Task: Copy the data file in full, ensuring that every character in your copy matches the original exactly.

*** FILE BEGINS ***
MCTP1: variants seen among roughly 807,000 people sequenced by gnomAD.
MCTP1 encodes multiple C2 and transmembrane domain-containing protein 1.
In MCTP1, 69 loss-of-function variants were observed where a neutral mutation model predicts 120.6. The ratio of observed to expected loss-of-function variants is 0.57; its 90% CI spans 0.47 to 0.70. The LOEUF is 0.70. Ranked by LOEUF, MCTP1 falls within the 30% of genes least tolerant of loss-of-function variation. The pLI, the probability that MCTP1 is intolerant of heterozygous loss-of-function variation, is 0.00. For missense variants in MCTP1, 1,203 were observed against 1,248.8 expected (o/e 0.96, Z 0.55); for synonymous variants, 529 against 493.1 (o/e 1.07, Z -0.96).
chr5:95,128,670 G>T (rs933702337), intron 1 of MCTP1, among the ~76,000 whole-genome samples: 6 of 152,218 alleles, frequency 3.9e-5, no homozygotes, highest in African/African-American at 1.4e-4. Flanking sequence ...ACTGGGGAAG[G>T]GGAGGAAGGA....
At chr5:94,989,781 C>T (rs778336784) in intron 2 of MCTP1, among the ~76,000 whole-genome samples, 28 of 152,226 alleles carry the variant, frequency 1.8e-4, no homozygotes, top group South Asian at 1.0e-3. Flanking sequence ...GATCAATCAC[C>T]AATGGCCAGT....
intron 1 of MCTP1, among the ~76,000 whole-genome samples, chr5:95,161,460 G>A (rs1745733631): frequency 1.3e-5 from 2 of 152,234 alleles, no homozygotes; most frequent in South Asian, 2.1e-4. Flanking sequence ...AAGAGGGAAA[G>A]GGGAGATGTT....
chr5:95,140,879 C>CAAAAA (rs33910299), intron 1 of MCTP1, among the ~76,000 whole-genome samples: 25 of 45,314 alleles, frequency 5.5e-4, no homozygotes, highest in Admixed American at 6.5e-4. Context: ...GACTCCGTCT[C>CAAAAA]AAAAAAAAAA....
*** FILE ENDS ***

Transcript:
MCTP1: variants seen among roughly 807,000 people sequenced by gnomAD.
MCTP1 encodes multiple C2 and transmembrane domain-containing protein 1.
In MCTP1, 69 loss-of-function variants were observed where a neutral mutation model predicts 120.6. The ratio of observed to expected loss-of-function variants is 0.57; its 90% CI spans 0.47 to 0.70. The LOEUF is 0.70. Ranked by LOEUF, MCTP1 falls within the 30% of genes least tolerant of loss-of-function variation. The pLI, the probability that MCTP1 is intolerant of heterozygous loss-of-function variation, is 0.00. For missense variants in MCTP1, 1,203 were observed against 1,248.8 expected (o/e 0.96, Z 0.55); for synonymous variants, 529 against 493.1 (o/e 1.07, Z -0.96).
chr5:95,128,670 G>T (rs933702337), intron 1 of MCTP1, among the ~76,000 whole-genome samples: 6 of 152,218 alleles, frequency 3.9e-5, no homozygotes, highest in African/African-American at 1.4e-4. Flanking sequence ...ACTGGGGAAG[G>T]GGAGGAAGGA....
At chr5:94,989,781 C>T (rs778336784) in intron 2 of MCTP1, among the ~76,000 whole-genome samples, 28 of 152,226 alleles carry the variant, frequency 1.8e-4, no homozygotes, top group South Asian at 1.0e-3. Flanking sequence ...GATCAATCAC[C>T]AATGGCCAGT....
intron 1 of MCTP1, among the ~76,000 whole-genome samples, chr5:95,161,460 G>A (rs1745733631): frequency 1.3e-5 from 2 of 152,234 alleles, no homozygotes; most frequent in South Asian, 2.1e-4. Flanking sequence ...AAGAGGGAAA[G>A]GGGAGATGTT....
chr5:95,140,879 C>CAAAAA (rs33910299), intron 1 of MCTP1, among the ~76,000 whole-genome samples: 25 of 45,314 alleles, frequency 5.5e-4, no homozygotes, highest in Admixed American at 6.5e-4. Context: ...GACTCCGTCT[C>CAAAAA]AAAAAAAAAA....